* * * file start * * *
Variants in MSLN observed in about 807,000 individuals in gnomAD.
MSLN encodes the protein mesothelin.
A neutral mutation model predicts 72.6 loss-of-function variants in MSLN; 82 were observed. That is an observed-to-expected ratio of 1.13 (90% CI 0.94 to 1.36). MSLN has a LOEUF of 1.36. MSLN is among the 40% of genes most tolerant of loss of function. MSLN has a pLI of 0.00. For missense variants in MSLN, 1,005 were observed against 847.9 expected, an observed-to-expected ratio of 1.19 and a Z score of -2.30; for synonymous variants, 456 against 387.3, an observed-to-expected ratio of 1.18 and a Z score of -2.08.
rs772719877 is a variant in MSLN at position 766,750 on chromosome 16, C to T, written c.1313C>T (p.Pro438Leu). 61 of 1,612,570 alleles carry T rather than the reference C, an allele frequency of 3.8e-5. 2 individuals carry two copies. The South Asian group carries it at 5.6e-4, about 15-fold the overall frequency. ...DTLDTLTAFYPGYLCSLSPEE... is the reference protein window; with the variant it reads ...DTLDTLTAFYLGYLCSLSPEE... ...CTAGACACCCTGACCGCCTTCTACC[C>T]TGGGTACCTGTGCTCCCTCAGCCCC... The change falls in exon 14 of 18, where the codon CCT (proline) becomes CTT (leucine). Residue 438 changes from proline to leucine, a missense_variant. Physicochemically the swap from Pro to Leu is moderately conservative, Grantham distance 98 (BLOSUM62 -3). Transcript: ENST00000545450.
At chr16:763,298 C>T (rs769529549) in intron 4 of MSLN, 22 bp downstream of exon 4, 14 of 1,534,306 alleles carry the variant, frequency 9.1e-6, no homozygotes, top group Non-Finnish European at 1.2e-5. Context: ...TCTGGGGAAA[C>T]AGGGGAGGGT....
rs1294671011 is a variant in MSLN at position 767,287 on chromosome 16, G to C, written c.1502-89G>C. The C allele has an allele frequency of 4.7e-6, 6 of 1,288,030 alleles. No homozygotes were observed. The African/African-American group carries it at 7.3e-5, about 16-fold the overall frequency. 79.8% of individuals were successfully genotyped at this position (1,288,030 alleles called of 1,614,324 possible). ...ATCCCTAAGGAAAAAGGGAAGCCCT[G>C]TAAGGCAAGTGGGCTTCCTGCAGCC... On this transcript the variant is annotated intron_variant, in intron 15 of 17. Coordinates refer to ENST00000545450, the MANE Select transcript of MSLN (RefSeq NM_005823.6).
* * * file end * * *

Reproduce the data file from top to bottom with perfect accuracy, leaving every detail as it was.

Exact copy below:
Variants in MSLN observed in about 807,000 individuals in gnomAD.
MSLN encodes the protein mesothelin.
A neutral mutation model predicts 72.6 loss-of-function variants in MSLN; 82 were observed. That is an observed-to-expected ratio of 1.13 (90% CI 0.94 to 1.36). MSLN has a LOEUF of 1.36. MSLN is among the 40% of genes most tolerant of loss of function. MSLN has a pLI of 0.00. For missense variants in MSLN, 1,005 were observed against 847.9 expected, an observed-to-expected ratio of 1.19 and a Z score of -2.30; for synonymous variants, 456 against 387.3, an observed-to-expected ratio of 1.18 and a Z score of -2.08.
rs772719877 is a variant in MSLN at position 766,750 on chromosome 16, C to T, written c.1313C>T (p.Pro438Leu). 61 of 1,612,570 alleles carry T rather than the reference C, an allele frequency of 3.8e-5. 2 individuals carry two copies. The South Asian group carries it at 5.6e-4, about 15-fold the overall frequency. ...DTLDTLTAFYPGYLCSLSPEE... is the reference protein window; with the variant it reads ...DTLDTLTAFYLGYLCSLSPEE... ...CTAGACACCCTGACCGCCTTCTACC[C>T]TGGGTACCTGTGCTCCCTCAGCCCC... The change falls in exon 14 of 18, where the codon CCT (proline) becomes CTT (leucine). Residue 438 changes from proline to leucine, a missense_variant. Physicochemically the swap from Pro to Leu is moderately conservative, Grantham distance 98 (BLOSUM62 -3). Transcript: ENST00000545450.
At chr16:763,298 C>T (rs769529549) in intron 4 of MSLN, 22 bp downstream of exon 4, 14 of 1,534,306 alleles carry the variant, frequency 9.1e-6, no homozygotes, top group Non-Finnish European at 1.2e-5. Context: ...TCTGGGGAAA[C>T]AGGGGAGGGT....
rs1294671011 is a variant in MSLN at position 767,287 on chromosome 16, G to C, written c.1502-89G>C. The C allele has an allele frequency of 4.7e-6, 6 of 1,288,030 alleles. No homozygotes were observed. The African/African-American group carries it at 7.3e-5, about 16-fold the overall frequency. 79.8% of individuals were successfully genotyped at this position (1,288,030 alleles called of 1,614,324 possible). ...ATCCCTAAGGAAAAAGGGAAGCCCT[G>C]TAAGGCAAGTGGGCTTCCTGCAGCC... On this transcript the variant is annotated intron_variant, in intron 15 of 17. Coordinates refer to ENST00000545450, the MANE Select transcript of MSLN (RefSeq NM_005823.6).